Interpretation

In the PACE-B trial, 2-year RTOG toxicity rates were similar for five fraction SBRT and conventional schedules of radiotherapy. Prostate SBRT was found to be safe and associated with low rates of side-effects. Biochemical outcomes are awaited.

Funding

Accuray.

Intrafraction Prostate Motion Management During Dose-Escalated Linac-Based Stereotactic Body Radiation Therapy

Denis Panizza 1,2*, Valeria Faccenda 1,3, Raffaella Lucchini 2,4, Martina Camilla Daniotti 1,3, Sara Trivellato 1, Paolo Caricato 1,3, Valerio Pisoni 4, Elena De Ponti 1,2 and Stefano Arcangeli 2,4

1 Medical Physics Department, ASST Monza, Monza, Italy,

2 School of Medicine and Surgery, University of Milan Bicocca, Milan, Italy,

3 Department of Physics, University of Milan, Milan, Italy,

4 Radiation Oncology Department, ASST Monza, Monza, Italy

Conclusion: 
EM real-time tracking was successfully implemented for intrafraction motion management during dose-escalated prostate SBRT. Findings showed that most of the observed displacements were < 2 mm in any direction; however, there were a non-insignificant number of fractions with a motion exceeding the predefined threshold, which would have otherwise gone undetected without intrafraction motion management.

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ORIGINAL RESEARCH article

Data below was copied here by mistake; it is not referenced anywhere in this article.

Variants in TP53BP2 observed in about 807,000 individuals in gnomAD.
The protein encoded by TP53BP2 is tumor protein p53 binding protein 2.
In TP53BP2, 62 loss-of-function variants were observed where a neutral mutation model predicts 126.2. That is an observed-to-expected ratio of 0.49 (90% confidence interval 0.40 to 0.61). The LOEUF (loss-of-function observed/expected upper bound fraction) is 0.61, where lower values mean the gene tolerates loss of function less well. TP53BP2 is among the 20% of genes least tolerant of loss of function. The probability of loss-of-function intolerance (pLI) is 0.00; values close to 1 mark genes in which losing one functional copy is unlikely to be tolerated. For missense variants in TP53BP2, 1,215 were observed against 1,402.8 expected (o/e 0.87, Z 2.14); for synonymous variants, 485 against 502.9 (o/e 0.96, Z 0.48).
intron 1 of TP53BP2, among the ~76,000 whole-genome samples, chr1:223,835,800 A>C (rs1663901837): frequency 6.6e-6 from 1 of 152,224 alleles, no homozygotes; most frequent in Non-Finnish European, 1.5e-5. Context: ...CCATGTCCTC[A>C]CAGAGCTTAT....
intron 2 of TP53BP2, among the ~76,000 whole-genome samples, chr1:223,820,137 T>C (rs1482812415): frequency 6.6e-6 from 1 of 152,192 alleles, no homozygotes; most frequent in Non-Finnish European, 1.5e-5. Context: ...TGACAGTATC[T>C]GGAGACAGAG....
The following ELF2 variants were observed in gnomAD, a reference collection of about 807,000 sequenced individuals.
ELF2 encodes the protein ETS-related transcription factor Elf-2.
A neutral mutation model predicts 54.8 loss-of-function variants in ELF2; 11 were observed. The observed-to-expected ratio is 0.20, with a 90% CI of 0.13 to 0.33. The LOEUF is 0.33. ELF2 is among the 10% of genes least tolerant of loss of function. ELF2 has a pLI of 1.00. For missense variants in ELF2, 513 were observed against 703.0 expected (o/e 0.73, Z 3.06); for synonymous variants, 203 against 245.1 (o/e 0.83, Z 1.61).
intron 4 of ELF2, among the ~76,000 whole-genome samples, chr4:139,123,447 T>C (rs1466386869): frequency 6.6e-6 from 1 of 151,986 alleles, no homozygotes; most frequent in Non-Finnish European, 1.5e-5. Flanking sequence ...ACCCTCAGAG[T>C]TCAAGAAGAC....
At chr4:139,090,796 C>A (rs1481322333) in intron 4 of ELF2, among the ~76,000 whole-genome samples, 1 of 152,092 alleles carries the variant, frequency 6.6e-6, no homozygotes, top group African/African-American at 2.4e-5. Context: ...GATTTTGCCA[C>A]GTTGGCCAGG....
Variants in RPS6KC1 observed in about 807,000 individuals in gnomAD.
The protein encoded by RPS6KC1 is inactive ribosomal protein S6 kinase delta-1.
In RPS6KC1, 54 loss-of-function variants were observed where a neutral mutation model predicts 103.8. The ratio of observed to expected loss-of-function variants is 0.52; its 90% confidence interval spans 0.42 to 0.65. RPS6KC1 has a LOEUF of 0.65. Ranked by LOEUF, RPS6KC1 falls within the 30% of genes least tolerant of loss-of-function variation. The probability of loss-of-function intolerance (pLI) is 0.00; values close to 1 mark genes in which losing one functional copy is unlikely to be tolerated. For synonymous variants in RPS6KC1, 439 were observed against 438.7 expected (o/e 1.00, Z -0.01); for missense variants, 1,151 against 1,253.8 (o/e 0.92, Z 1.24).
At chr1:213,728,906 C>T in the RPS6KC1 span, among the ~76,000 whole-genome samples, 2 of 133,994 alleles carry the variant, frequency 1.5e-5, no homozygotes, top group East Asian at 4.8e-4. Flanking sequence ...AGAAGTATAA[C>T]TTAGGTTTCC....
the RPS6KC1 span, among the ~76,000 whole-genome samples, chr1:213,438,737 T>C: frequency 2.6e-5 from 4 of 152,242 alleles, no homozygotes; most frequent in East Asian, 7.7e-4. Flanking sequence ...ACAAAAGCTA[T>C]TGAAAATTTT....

Front. Oncol., 07 April 2022 | https://doi.org/10.3389/fonc.2022.883725

[RSS 2022 Poster] Early Tolerance and Treatment Compliance to Linac-Based Prostate SBRT Using Real-Time Electromagnetic Tracking

Raffaella Lucchini, Denis Panizza, Valeria Faccenda, Veronica Vernier, Riccardo Ray Colciago, Stefano Arcangeli

School of Medicine and Surgery, University of Milan Bicocca, Milan, Italy
Radiation Oncology Departement, ASST Monza, Monza, Italy
Medical Physics Departement, ASST Monza, Monza, Italy
Departement of Physics, University of Milan, Milan, Italy

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Poster from The Radiosurgery Society® (RSS) Scientific Meeting 2022 in Carlsbad, CA

[RSS 2022 Poster] Electromagnetic Tracking of Intrafraction Prostate Motion During Dose-Escalated Linac-Based Stereotactic Body Radiation Therapy for Unfavorable Prostate Tumors

Denis Panizza, Raffaella Lucchini, Sara Trivellato, Valeria Faccenda, Paolo Caricato, Gianluca Montanari, Martina Camilla Daniotti, Valerio Pisoni, Elena De Ponti, Stefano Arcangeli

Medical Physics Departement, ASST Monza, Monza, Italy
School of Medicine and Surgery, University of Milan Bicocca, Milan, Italy
Radiation Oncology Departement, ASST Monza, Monza, Italy
Departement of Physics, University of Milan, Milan, Italy

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Poster from The Radiosurgery Society® (RSS) Scientific Meeting 2022 in Carlsbad, CA

Six degrees of freedom dynamic motion-including dose reconstruction in a commercial treatment planning system

Purpose:

Intrafractional motion during radiotherapy delivery can deteriorate the delivered dose. Dynamic rotational motion of up to 38 degrees has been reported during prostate cancer radiotherapy, but methods to determine the dosimetric consequences of such rotations are lacking. Here, we create and experimentally validate a dose reconstruction method that accounts for dynamic rotations and translations in a commercial treatment planning system (TPS). Interplay effects are quantified by comparing dose reconstructions with dynamic and constant rotations.